« Reply #188 on: Mon, 04 January 2016, 22:58:29 »
If you're willing to spend $400 on a bottle of Glenlivet, why not get 33 year old instead?  (And bottled at cask strength to boot!  You will want to add water, and there is no shame in doing so, which will make the bottle last longer.) :)
Oooo, much better!  Would it be wise to drink this neat though?  Or will cask strength be a bit too much?

It depends.  Some people really like their whisky at higher proof.  Sometimes it depends on the whisky.  It seems like the sweet spot for most malts is in the 45% abv range.  This isn't too far off at 51%.  There's many malts I have enjoyed at the 50-55% range, but above that and I'll just about always add water. 

It's not a bad idea to pour a bit of whisky, try it straight, and then add a little bit of water and taste again.  You'll taste different things as you add water and there will be a point at which it kind of "locks in" where it is full and lush, and no longer astringent or hot.  For me, if I go too far then it tastes sweet, thin, and weak (but not bad...).

...saying the same thinga as darkclone24, who just sniped me while I was typing.

I've tried my own water mixing (all scotch is mixed down to drinkable) from "cask strength" bottles with mediocre results. It seems the water from the source is also important to the flavor.
-Dana

Offline SamirD

  • * Esteemed Elder
  • Posts: 1498
  • Location: HSV and SFO
  • on Buckling Springs since '88
    • http://www.huntsvillecarscene.com
Re: Scotch
« Reply #189 on: Wed, 06 January 2016, 07:46:40 »
Great info!  And I think you're right that the source of the water will matter.  I'm sure tap water with other elements will react whereas distilled water might not.

Offline Zeroo

  • Posts: 44
Re: Scotch
« Reply #190 on: Fri, 08 January 2016, 16:41:25 »
Recently started drinking Whisky on a more regular basis after I got a bottle of JW Black and Glen Moray Classic.

Both are quite enjoyable considering the price. JW Black is one of the better blends imo although Red is pretty crap. Looking at getting a bottle of Bruichladdich or Laphroaig once my bills have been paid.

Offline Lansky

  • Posts: 347
  • Location: Denmark
  • Realest motherthocker
Re: Scotch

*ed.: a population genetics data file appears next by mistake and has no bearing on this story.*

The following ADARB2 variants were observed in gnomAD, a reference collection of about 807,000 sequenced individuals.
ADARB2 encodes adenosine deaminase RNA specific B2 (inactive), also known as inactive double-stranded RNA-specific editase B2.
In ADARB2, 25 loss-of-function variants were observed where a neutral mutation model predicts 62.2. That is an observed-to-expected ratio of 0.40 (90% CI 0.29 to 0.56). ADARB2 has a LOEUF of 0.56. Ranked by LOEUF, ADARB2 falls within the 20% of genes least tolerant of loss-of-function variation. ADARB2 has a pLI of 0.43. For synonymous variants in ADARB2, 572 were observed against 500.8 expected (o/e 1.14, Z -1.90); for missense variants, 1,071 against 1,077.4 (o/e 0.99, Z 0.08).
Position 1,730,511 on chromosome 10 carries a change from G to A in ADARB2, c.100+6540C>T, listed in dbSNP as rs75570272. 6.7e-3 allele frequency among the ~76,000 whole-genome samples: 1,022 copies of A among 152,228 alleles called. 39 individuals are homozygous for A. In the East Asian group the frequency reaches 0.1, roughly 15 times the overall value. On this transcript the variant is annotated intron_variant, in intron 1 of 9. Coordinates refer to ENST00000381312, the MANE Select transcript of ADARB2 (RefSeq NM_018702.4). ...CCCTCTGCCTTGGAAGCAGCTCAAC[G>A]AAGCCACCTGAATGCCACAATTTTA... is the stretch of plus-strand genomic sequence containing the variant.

« Reply #191 on: Sat, 09 January 2016, 07:59:47 »
Ardbeg by the sea = yum!  ;D



Please excuse the potato pic.
« Last Edit: Sat, 09 January 2016, 08:02:03 by Lansky »
Norbaforce 88UB (BKE Heavy, silenced), Singa R2 (Retooled MX Blacks w/ 68g CWW springs), LZ GH V2 (V1 Zealios 67g), RAMA U80-A (Holy GSUS)

Offline SamirD

  • * Esteemed Elder
  • Posts: 1498
  • Location: HSV and SFO
  • on Buckling Springs since '88
    • http://www.huntsvillecarscene.com
Re: Scotch
« Reply #192 on: Sat, 09 January 2016, 11:43:18 »
Nice!  I've spent money on keyboards, so my Scotch collection will have to wait a bit, hehe.

Offline noisyturtle

  • * Exalted Elder
  • Posts: 5961
  • comfortably numb
Re: Scotch
« Reply #193 on: Fri, 04 November 2016, 20:52:37 »
Sipping on some Glenmorangie 12yr thinking about how much I miss this thread....

Offline ArchDill

  • * Esteemed Elder
  • Posts: 1308
  • Location: OK
Re: Scotch
« Reply #194 on: Sat, 03 December 2016, 01:41:59 »
Going to my first scotch tasting party this month. Pretty excited. I'm only 1 bottle and 3 samples into the hobby. Here is our line up:

Offline noisyturtle

  • * Exalted Elder
  • Posts: 5961
  • comfortably numb
Re: Scotch
« Reply #195 on: Sat, 03 December 2016, 01:55:46 »
Going to my first scotch tasting party this month. Pretty excited. I'm only 1 bottle and 3 samples into the hobby. Here is our line up:

Damn, Glenlivet 25. Very nice.

Offline ArchDill

  • * Esteemed Elder
  • Posts: 1308
  • Location: OK
Re: Scotch
« Reply #196 on: Sat, 03 December 2016, 02:00:50 »
I am pretty excited. I bought the Glenmorangie gift set a few months ago and really worked on getting used to the taste of the regular 10 year before moving on to the better ones. He is matching foods with each scotch for the tasting. Just found this thread a bit ago!

Offline Dr_Alphabet

  • Posts: 97
Re: Scotch
« Reply #197 on: Sat, 03 December 2016, 02:09:08 »
oh hey i wasn't aware this thread existed. bully for me. i'm drunk 90% of my life thanks to scrothch and crippling depression.... typically blends (dewers and johnny walker red) because the more you drink the less taste matters, and i drink a **** ton, but for my 21st birthday I got a bottle of glengoyne 21 year and that's probably the best i've had. right now i'm finishing up a bottle of glen moray 12 year that's not bad. a little too... idk ...floral? I like deeper notes typically but if it gets me drunk... 
Look at me. Look at me. Look what I can do. I'm amazing - Peter Gabriel

Online tp4tissue

  • * Destiny Supporter
  • Posts: 12908
  • Location: Official Geekhack Public Defender..
  • OmniExpert of: Rice, Top-Ramen, Ergodox, n Females
Re: Scotch
« Reply #198 on: Sat, 03 December 2016, 08:25:48 »
oh hey i wasn't aware this thread existed. bully for me. i'm drunk 90% of my life thanks to scrothch and crippling depression.... typically blends (dewers and johnny walker red) because the more you drink the less taste matters, and i drink a **** ton, but for my 21st birthday I got a bottle of glengoyne 21 year and that's probably the best i've had. right now i'm finishing up a bottle of glen moray 12 year that's not bad. a little too... idk ...floral? I like deeper notes typically but if it gets me drunk... 


You don't seem that drunk..  got most of ur words spelled correctly.. hahaahahah

Offline riotonthebay

  • Cherry Peasant
  • * Destiny Supporter
  • Posts: 2048
  • Location: Raleigh, NC
  • keycult.io
Re: Scotch
« Reply #199 on: Sat, 03 December 2016, 14:19:15 »
Going to my first scotch tasting party this month. Pretty excited. I'm only 1 bottle and 3 samples into the hobby. Here is our line up:

Damn, Glenlivet 25. Very nice.

Sipping Glenlivet 25 right now. Delicious.